• Please give me some advice. What should the outside of the log cabin be covered with? Which varnish is resistant between -20 degrees and +60 degrees? But also as many years as possible. The humidity of the place is relatively above normal. Every morning there's plenty of dew on the grass. That's why I'm asking if there is a protective varnish, or any other substance that meets these 3 minimum requirements.
    Thank you

    • There are varnishes that are specially made to withstand the outdoors - large variations in temperature, humidity, UV radiation, etc. Depending on the company and the quality of the product, you will find products that have a guarantee of 4-6 years, but also 8-10 years. Opaque varnishes (those through which you cannot see the wood) protect better than transparent ones, and matt and semi-matt ones are more resistant than glossy ones. Very matt ones (gloss up to 10) are not recommended because they have a higher porosity which makes them vulnerable to water. Lacquers can be found in DIY stores or wood finishing distributors. But it is not only the quality of the varnish that is important, but also how it is applied, how much is applied, how well the wood is sealed so that there is no possibility of moisture getting in at any end.
      There is also the possibility to protect the wood with oil. There are special oils, resistant to the outside, natural (linseed oil) or synthetic. In addition, they give a very natural look, as they do not make a film. But you should apply 2-3 coats, so that the wood can absorb as much as possible. It is also a good protection against humidity. The disadvantage of oil is that it needs to be refreshed every 2-3 years.

      • Thank you for your answer. However the varnishes I've seen don't seem to be a good solution. I need to look for something of higher quality.

  • Hello, dear lady, I found valuable information from you and thank you for that. I also have some questions and I would be very grateful if you could help me with answers. is polyurethane varnish compatible with wood painting in tempera or acrylic? can this varnish be applied with a brush? Do you recommend a specific brand for this varnish? thank you, have a nice day!

    • Hello,
      If the acrylic paint is water-based you can apply polyurethane varnish on top. The problem with polyurethane varnishes is that they are slightly yellow and change the colour underneath a little. Better are acrylic varnishes on solvent, but I don't know where you could find small quantities. They are usually sold by industrial product dealers or distributors. These varnishes do not change colour and also protect against yellowing over time.
      Lacquers can also be applied with a brush. Don't forget to wash the brush well after use because, after hardening, the varnish can no longer be attacked with thinner.
      Can you tell me why you want to apply polyurethane varnish over the paint?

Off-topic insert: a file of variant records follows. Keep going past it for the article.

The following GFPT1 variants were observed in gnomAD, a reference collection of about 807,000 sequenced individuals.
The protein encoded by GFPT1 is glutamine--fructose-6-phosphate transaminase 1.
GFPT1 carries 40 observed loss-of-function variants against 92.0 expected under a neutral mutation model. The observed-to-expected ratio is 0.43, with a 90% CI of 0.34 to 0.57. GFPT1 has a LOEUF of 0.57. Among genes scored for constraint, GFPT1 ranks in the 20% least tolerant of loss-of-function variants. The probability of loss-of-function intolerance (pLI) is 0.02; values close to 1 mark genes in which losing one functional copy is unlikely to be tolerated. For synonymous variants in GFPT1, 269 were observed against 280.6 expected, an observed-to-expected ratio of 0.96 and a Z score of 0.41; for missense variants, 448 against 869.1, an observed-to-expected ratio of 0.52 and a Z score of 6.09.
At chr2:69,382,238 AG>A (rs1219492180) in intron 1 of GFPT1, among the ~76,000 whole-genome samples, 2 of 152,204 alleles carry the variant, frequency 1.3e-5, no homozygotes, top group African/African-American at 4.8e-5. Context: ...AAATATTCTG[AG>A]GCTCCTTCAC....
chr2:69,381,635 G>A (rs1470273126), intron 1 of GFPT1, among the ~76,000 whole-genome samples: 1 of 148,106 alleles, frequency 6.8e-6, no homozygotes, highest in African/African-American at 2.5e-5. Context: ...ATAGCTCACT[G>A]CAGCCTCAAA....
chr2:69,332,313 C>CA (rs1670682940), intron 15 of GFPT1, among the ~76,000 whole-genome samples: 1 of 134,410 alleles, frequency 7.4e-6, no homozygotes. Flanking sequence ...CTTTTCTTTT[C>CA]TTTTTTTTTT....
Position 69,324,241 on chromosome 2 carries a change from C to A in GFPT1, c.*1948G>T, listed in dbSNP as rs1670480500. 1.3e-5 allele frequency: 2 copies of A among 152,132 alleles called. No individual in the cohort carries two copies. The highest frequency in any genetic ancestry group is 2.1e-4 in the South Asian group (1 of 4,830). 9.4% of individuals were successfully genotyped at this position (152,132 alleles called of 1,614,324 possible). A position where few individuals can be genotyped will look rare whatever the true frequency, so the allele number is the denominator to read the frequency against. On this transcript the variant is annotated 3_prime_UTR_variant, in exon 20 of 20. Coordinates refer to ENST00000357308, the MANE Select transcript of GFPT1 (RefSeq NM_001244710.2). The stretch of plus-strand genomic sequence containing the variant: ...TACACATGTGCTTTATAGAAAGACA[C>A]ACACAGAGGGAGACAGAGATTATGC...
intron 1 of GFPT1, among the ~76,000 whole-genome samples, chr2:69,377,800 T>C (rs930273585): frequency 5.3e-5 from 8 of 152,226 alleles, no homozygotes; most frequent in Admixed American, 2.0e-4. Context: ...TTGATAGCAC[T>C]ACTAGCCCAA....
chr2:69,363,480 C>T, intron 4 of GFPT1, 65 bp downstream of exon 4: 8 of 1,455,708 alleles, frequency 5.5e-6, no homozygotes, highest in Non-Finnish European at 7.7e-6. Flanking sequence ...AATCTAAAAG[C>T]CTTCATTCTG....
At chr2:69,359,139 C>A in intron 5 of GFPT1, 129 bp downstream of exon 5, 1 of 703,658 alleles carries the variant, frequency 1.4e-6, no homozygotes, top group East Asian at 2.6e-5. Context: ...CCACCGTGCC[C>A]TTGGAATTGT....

• Hello, I am a painter and after the experience I had with acrylic varnishes I ended up looking for alternatives. When protecting icons on wood with gold or slagmetal (bronze/copper based alloy) background, a harder varnish than acrylic varnish is necessary - Some of these icons end up being placed in places of worship/procession/ritual in the Church and thus the mechanical "aggression" on this layer of metal foil increases... I have also tried cobalt based varnishes, but even these are not hard enough and have a corrosive effect on the slagmetal foil. There is also a side issue related to the high price of acrylic final varnishes with UV filter - An example: Maimeri Acrylic Varnish 667 - 107 Lei/500ml.

  • Hello!
    I could use your advice as I am in a dilemma. For a table top that has been painted with oil colours, what type of varnish do you suggest to apply? I would like it not to react with the paint (I use bleached linseed oil), but also to be resistant to shocks, scratches, etc., in short, to fulfil its function as a tabletop.... What can you recommend?

    • Hello,
      I think a water based product would not interact with the paint and would also protect. I would recommend water based varnishes for parquet. They are hard, protect the paint and don't react with oil-based paints and can be found in DIY stores.
      All the best!

  • I have some old pieces of furniture, probably lacquered with nitrolacquer, I want to update them and lacquer them white.
    Please advise me what are the steps of this operation and what products should I use. I WOULD LIKE TO MENTION THAT I WANT TO USE A CHEST OF DRAWERS IN THE BATHROOM, UNDER THE SINK. I understand that it should be matted, given with a separator and only afterwards painted with white varnish. But I would like the advice of a real professional.

    Thank you very much for your valuable advice

    • The easiest way is to use Annie Sloan paints. They are simple to use and have adhesion to any surface. Find here the stages of transforming a piece of furniture. For the bathroom, instead of wax, use varnish.
      Good luck!

  • Good evening! I'm a beginner in wood but I love working with it. Could you please tell me if polyurethane varnish can be applied with a brush or only with a spray gun?
    Thanks in advance and congratulations on the magazine, it's wonderful! ✌️

    • Good evening!
      Thanks for your appreciation!
      Can also be applied with a brush. Mix small amounts and apply immediately to avoid wastage. Wash the brush thoroughly with thinner as soon as you have finished. Otherwise the varnish hardens and the brush cannot be recovered.
      Keep in mind that using the brush will not give you a very good quality film like spraying. There may be traces and/or threads from the brush, dust particles, air or thinner trapped in the film. Apply thin coats and watch out for spillage. The golden rule when finishing is more thin coats than one thick one.
      I've put below a link to an article with tips for beginners, maybe it's helpful.
      Good luck!